–B.G.–Sep 2, 2010 at 3:20 pm #1642620Sep 2, 2010 at 3:55 pm #1642625
Canon make their own lenses and have for a long time although the first commercially available cameras had a Nikon lens on them…
As for the glass I think that most if not all comes from Hoya.
When I worked for the retail side of the Canon importers in NZ, we were told of how Canon "grew" their own fluorite glass elements but I seem to remember Hoya as the glass supplier.
BTW, then (about 30 years ago) "L" stood for Luxury. Because of changed taste , now probably stand for something else.
Same for Olympus when OM meant Olympus Maitani later changed to Olympus Masterpiece.
BTW all too often Japanese as well as Korean manufacturers will cover up their sources, sometime even executives working for the company do not know where the parts come from.
There is a lot of cross manufacturing between rivals too. That is , they compete at a public level but supply each other .
FrancoSep 2, 2010 at 4:46 pm #1642634Sep 2, 2010 at 4:51 pm #1642636
Who is that?
–B.G.–Sep 2, 2010 at 5:12 pm #1642644Sep 2, 2010 at 5:21 pm #1642651
I doubt that there is a photographer amongst us who hasn't had a Hoya filter in his kit over the years.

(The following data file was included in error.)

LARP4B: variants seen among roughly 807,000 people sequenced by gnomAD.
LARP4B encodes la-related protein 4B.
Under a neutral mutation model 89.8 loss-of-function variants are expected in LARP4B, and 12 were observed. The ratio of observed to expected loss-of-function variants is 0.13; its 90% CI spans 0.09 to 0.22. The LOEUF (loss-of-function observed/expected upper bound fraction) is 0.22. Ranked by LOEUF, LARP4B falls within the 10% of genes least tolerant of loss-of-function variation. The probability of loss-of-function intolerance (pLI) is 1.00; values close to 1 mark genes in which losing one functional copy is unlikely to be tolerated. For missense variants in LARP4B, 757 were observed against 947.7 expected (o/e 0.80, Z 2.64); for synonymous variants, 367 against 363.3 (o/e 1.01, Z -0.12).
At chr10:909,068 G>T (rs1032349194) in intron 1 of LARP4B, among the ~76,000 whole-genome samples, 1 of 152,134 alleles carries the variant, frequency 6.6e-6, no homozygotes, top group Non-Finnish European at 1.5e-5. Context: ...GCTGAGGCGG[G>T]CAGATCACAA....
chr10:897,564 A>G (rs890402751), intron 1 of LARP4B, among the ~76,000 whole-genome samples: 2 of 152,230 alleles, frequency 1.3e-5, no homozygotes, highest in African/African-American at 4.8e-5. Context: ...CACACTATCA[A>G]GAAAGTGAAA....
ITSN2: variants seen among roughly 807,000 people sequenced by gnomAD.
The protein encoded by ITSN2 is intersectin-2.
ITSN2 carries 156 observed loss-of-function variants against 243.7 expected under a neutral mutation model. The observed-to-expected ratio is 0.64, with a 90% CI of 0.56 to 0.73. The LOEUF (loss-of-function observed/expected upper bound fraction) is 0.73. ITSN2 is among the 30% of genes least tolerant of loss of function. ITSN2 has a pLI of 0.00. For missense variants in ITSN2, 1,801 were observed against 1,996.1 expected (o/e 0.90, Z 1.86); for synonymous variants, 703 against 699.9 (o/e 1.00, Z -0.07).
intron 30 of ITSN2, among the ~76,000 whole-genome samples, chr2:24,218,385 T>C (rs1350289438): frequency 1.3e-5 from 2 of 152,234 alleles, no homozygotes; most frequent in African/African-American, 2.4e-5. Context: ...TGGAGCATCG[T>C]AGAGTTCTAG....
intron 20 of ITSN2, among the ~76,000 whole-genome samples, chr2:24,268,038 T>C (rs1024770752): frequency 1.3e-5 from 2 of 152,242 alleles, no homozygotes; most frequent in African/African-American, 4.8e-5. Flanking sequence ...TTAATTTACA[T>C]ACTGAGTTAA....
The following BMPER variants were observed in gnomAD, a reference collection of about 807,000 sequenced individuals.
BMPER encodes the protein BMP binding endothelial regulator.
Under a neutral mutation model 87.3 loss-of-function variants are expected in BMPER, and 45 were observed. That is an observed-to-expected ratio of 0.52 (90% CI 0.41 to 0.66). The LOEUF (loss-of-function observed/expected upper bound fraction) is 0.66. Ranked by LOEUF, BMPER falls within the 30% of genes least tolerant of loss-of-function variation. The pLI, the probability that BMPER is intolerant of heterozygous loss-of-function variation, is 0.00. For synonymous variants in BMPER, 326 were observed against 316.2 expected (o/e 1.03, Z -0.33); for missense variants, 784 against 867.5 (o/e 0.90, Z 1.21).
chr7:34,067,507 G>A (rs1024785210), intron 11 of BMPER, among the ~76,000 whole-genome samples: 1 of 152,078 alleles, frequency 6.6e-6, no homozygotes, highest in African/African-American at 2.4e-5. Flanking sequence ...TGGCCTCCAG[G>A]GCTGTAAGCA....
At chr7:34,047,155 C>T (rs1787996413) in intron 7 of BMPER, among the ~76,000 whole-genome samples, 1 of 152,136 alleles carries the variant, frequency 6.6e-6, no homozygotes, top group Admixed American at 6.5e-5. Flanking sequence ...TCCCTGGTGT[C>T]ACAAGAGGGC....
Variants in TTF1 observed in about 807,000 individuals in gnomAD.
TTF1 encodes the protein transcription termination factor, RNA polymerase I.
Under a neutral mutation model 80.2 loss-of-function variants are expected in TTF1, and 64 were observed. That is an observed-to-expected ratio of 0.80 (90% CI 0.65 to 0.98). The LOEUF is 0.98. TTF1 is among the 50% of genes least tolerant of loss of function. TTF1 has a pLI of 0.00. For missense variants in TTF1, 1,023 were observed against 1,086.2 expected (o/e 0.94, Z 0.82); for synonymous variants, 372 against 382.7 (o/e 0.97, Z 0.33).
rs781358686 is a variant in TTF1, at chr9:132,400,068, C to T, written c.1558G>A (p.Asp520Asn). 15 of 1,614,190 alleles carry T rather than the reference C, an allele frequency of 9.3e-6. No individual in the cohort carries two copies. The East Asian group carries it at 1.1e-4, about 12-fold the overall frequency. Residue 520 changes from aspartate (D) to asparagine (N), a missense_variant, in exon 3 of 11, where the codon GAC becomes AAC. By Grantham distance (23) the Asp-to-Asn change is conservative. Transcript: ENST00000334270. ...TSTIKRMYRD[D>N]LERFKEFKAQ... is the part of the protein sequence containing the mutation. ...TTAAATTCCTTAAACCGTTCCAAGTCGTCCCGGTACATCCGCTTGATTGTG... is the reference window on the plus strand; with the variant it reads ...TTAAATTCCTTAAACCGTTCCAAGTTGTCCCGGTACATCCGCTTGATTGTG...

However, "Ohara" I had never heard of.
All I read is the Canon propaganda about its L lenses.
–B.G.–Sep 2, 2010 at 5:30 pm #1642656
Just read that as I was about to post this…
Yes that name has come up , and here it is :
There is a possible connection with Hoya (subcontracting ? ) but as usual it is hard to find.
Another glass manufacturer that has some ties with Canon (and Hoya) is CDGM Glass
Most likely different grades of glass are sourced from more than one manufacturer.
A few years ago Canon,Panasonic,Sony and Casio sold a compact digital sporting the same lens. The lens was branded Canon by both Canon and Casio, Zeiss by Sony and Leica by Panasonic.
I tried very hard to find out who actually made that but never was able to.
FrancoSep 2, 2010 at 5:34 pm #1642659
@aroth87Locale: Missouri Ozarks
I have a D40 and love my 24/2.8 AIS. Its around 9oz, all metal construction, and a superb performer. Did I mention that they can be had for pretty cheap? I paid $75 for mine with a dented filter ring. Normal price is around $150 and it can share filters with your kit lens.
Good deals can be had on old Nikon glass if you're willing to learn to judge exposure and focus manually (really a non-issue with WA lenses).
AdamSep 3, 2010 at 5:25 am #1642752
Rakesh, I'm intrigued by the NEX with the 16mm pancake lens. The DPR review indicates that the UI is a chore to use other than for P&S, but postings on the Alt Lenses forum on fredmiranda seem to disagree. What has your experience been?Sep 3, 2010 at 8:51 am #1642788
"There is a lot of cross manufacturing between rivals too. That is , they compete at a public level but supply each other ."
That's an understatement… for example, Nikon sources stepper motors to Sony, who uses the Nikon steppers in their semiconductor manufacturing, and supplies sensors to Nikon.
So the Sony Alpha Nex has the same sensor in it as a Nikon D3100…